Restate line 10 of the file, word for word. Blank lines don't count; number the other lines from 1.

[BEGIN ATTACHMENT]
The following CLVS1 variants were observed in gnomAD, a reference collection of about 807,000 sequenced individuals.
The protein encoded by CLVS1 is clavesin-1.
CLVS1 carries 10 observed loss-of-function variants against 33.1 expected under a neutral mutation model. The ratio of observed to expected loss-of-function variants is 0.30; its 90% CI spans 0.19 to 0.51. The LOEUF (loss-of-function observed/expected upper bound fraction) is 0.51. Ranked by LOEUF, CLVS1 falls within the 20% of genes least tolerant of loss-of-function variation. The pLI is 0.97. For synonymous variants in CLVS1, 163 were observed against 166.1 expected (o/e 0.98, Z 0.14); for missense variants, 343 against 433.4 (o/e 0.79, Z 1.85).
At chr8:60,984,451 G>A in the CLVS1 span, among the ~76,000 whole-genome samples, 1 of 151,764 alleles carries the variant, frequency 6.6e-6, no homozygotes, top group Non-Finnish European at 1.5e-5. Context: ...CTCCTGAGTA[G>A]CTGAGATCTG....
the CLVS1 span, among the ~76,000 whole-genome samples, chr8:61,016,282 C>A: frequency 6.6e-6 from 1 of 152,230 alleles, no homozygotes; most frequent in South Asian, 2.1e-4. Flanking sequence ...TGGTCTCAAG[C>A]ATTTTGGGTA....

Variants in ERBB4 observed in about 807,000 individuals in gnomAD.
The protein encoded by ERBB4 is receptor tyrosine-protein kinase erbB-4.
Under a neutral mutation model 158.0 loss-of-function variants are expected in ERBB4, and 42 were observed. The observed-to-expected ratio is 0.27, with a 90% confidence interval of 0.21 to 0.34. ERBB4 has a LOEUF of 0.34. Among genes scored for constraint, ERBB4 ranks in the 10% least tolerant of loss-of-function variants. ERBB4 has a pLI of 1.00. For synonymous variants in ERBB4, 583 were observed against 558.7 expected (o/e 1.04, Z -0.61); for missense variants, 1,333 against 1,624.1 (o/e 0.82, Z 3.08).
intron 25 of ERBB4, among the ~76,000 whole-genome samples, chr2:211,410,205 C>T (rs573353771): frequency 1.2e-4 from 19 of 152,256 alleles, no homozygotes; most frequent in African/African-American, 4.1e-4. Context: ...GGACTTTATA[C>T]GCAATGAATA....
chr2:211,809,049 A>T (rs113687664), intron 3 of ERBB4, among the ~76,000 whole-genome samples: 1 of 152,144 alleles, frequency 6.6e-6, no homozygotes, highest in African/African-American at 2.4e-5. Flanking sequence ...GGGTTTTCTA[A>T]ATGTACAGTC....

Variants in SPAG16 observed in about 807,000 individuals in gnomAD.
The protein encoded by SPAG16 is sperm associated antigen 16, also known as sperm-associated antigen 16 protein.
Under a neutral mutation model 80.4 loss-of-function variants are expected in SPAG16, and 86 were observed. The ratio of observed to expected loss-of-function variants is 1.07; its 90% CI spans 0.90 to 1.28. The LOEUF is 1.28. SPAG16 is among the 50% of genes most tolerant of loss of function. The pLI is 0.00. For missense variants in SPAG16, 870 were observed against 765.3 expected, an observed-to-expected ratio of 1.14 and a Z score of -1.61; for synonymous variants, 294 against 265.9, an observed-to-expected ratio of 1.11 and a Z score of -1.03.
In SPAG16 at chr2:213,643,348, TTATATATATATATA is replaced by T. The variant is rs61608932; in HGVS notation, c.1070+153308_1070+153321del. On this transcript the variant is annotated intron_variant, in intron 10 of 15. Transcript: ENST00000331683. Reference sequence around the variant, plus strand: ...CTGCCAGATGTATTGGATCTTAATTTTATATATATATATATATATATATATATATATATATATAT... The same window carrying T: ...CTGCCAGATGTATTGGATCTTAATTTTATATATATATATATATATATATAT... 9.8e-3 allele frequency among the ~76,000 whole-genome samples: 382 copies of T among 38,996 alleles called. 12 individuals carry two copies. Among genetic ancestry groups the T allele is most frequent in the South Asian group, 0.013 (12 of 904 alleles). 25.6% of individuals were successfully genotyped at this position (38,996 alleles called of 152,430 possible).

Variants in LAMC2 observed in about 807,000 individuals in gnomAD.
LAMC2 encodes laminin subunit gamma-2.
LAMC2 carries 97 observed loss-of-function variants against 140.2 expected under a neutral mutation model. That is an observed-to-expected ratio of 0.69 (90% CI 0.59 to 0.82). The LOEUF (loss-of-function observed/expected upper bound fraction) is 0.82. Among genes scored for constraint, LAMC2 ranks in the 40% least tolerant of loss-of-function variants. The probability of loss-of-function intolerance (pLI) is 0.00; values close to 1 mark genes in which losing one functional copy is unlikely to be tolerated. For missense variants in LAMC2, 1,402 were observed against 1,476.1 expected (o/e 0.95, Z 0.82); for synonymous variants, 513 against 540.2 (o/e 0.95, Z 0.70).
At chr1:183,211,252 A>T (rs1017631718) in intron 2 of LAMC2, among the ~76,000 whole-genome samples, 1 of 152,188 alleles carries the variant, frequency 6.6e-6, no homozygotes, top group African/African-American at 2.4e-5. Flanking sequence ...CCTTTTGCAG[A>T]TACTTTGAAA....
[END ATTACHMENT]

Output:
chr2:211,809,049 A>T (rs113687664), intron 3 of ERBB4, among the ~76,000 whole-genome samples: 1 of 152,144 alleles, frequency 6.6e-6, no homozygotes, highest in African/African-American at 2.4e-5. Flanking sequence ...GGGTTTTCTA[A>T]ATGTACAGTC....